Could a trail system be the key to aiding a region’s long-term economy while immediately benefiting its people by bringing them outdoors? It’s an idea that struck Benton MacKaye, the Appalachian Trail cofounder who envisioned a corridor of locally owned businesses dotting that path. More than 100 years later, it’s still an idea with legs—or so hopes a duo of planners in New York.
Joe Dadey, 57, spent eight years teaching ecotourism at Paul Smith’s College in the Adirondacks and traveling the world with students. After hiking hut-to-hut on New Zealand’s Kepler Track in December 2012, Dadey wondered if a similar system could benefit New York’s Adirondack Park and its surrounding communities.
In 2014, he reached out to Jack Drury, 68, a writer and environmental educator. The two began working together and, in December of that year, they received a grant from the state, funding three years of project development. The result, which they submitted to New York’s Department of State in December 2017, is the Adirondack Community-Based Trails and Lodging System (ACTLS), a proposal that spans the entire 6.1-million acre Adirondack Park and seeks to connect 102 municipalities. Its plan identifies 59 multiday hiking routes that will include overnight facilities every 8 to 12 miles.
“The hut–to–hut concept being explored would leverage these investments into solid new economic opportunities for countless communities and businesses within the Park,” says Basil Seggos, commissioner of the New York State Department of Environmental Conservation.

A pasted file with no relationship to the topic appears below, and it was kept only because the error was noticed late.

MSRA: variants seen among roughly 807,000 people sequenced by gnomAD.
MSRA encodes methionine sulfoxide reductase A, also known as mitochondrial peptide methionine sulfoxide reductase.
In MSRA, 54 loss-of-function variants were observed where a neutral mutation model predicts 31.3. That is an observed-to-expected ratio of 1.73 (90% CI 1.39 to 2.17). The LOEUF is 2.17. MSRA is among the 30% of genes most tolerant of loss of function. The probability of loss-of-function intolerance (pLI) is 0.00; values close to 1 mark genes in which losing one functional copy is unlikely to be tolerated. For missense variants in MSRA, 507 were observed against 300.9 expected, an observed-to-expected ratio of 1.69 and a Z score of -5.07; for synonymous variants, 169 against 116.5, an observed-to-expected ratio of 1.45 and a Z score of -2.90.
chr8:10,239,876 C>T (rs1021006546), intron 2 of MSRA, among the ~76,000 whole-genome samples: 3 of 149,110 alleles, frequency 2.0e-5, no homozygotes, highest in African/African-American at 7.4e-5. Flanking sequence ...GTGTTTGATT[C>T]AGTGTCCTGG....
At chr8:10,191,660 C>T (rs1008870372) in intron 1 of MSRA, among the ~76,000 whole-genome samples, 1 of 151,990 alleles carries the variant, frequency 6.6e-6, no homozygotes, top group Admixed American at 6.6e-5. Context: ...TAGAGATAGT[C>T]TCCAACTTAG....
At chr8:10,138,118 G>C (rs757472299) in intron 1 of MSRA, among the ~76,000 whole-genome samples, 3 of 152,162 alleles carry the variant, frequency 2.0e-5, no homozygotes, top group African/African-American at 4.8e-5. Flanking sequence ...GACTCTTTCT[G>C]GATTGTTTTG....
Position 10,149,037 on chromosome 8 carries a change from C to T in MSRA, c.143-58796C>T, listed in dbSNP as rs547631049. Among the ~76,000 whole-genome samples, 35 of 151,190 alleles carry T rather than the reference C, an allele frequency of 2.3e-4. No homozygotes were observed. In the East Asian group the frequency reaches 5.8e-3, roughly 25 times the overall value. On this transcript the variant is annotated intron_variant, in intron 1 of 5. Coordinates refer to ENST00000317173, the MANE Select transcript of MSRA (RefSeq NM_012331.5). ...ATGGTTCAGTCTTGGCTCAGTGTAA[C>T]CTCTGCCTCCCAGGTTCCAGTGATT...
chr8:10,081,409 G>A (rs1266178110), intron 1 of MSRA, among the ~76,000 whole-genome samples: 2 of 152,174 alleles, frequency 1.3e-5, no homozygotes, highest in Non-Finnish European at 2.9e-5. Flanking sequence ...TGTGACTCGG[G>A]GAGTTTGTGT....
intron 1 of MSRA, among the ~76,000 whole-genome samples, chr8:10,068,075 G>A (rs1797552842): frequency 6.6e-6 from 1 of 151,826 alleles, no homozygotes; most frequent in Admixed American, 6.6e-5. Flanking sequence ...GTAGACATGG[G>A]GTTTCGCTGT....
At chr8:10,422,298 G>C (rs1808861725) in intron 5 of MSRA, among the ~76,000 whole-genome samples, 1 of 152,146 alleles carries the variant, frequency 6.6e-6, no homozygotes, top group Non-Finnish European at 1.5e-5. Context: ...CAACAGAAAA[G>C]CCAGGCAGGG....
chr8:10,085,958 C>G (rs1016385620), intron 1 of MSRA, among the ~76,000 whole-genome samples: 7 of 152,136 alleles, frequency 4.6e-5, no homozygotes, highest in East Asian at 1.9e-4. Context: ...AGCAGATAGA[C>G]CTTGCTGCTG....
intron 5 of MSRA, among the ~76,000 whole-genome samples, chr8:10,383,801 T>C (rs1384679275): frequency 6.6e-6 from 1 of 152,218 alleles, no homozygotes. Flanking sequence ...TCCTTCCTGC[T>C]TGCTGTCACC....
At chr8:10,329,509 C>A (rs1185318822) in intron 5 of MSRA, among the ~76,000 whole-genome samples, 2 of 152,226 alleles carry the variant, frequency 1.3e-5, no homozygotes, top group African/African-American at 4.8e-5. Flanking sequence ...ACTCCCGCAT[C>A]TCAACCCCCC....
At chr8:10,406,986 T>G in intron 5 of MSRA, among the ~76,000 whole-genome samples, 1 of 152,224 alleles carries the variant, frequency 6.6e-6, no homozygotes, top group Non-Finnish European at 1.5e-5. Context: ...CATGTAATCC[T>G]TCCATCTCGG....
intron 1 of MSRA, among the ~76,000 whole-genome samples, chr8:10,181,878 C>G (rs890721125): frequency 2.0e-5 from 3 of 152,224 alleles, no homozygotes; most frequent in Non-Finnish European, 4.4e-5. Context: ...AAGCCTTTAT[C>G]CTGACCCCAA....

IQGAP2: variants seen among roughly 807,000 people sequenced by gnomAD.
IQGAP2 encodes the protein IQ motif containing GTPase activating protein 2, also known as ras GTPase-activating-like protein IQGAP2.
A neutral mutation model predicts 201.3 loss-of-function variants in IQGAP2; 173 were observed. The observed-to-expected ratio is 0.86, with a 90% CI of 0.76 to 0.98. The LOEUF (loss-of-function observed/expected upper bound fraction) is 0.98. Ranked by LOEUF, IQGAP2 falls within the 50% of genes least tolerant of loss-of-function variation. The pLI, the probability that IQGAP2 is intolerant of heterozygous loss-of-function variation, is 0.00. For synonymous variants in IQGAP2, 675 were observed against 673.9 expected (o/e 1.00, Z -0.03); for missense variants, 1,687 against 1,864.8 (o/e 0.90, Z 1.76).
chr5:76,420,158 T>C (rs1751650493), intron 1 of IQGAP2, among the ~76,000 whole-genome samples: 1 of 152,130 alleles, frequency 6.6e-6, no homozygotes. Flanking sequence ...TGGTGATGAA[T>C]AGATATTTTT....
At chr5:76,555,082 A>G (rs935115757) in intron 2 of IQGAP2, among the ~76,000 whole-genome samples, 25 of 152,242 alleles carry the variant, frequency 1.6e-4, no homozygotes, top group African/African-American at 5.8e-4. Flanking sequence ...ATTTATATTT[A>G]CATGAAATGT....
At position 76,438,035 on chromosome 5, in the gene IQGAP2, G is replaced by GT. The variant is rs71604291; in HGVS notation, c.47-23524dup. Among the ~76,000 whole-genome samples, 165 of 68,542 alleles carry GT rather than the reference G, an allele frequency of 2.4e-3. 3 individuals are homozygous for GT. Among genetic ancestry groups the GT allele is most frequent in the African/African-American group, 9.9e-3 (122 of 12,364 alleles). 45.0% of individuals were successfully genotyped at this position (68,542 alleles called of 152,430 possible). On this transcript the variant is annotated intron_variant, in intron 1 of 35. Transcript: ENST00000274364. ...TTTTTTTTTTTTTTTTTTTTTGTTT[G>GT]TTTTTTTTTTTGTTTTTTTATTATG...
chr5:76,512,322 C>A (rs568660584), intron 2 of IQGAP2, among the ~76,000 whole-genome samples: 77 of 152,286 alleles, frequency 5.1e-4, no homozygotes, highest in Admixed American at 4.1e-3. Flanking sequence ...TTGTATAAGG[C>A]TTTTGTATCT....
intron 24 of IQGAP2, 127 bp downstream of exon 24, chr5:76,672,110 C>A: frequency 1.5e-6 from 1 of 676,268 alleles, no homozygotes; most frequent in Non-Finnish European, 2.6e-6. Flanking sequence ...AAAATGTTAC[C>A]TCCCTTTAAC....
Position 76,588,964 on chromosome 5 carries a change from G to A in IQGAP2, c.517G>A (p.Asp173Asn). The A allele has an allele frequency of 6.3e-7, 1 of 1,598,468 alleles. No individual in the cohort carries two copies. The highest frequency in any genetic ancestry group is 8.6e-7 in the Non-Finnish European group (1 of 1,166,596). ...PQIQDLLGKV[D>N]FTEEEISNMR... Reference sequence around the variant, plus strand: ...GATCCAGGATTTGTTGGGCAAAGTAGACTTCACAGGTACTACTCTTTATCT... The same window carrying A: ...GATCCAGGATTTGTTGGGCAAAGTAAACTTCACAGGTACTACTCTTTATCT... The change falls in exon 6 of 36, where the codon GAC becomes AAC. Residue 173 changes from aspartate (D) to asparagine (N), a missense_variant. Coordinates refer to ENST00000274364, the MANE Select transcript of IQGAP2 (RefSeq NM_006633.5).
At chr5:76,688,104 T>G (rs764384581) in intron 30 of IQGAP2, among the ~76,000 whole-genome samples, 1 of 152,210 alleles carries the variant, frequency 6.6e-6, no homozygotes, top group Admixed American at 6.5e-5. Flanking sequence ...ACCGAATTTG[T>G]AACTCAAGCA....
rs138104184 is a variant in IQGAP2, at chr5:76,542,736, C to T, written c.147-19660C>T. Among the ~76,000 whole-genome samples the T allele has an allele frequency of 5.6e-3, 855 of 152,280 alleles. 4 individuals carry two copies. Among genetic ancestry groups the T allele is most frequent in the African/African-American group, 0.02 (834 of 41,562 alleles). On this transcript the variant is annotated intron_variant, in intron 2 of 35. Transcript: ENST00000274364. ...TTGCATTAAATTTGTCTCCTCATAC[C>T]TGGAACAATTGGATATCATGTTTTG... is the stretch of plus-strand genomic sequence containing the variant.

It’s a model that’s proven effective elsewhere. “AMC’s hut system in New Hampshire and its new system of lodges and trails in Maine have brought economic vitality to surrounding rural economies,” says Walter Graff, senior vice president of AMC. “The concept of using existing infrastructure and engaging directly with local communities is the right direction and will have the greatest chance for success.”
Although Dadey and Drury refer to ACTLS as a “hut-to-hut” system, it strays from the traditional concept of a backcountry experience. ACTLS focuses primarily on pre-existing frontcountry locations ranging form upscale cabins to five-star hotels. The idea is to cater to an audience not already utilizing Adirondack Park’s backcountry campsites and shelters.
One local business owner supporting the plan is Jim Rucker, of the Garnet Hill Lodge, in North River, N.Y. “I’ve skied in Norway [where] there’s an incredible network of trails you can hike or ski between towns. Something similar in the Adirondacks could be really great,” he says. Rucker has been working with Dadey and Drury for the past year on the North Creek Indian Lake Circuit, the first route sketched out by ACTLS. Set to open later this year, the four-day, family-friendly itinerary will include Gore, Peaked, and Balm of Gilead mountains, with the option for overnight stays at Garnet Hill, in addition to other inns and farms.
Also in the past year, Dadey formed the nonprofit Adirondack Hamlets to Huts (AHH), which he describes as a “one-stop-shop” where hikers can book lodging along the designated routes. The AHH Trails Center in Saranac Lake, N.Y., currently offers trail advice, conservation and wilderness skills workshops, and merchandise, with proceeds supporting the development of ACTLS routes. Future plans include volunteer trail-maintenance events. With the submission of the plan in December, phase one of ACTLS has come to a close, but Dadey says the work is just beginning: “It’s a long-term project that’s going to go well into the future. We’re just going to work with the state and other entities to create one route at a time and make them high quality.”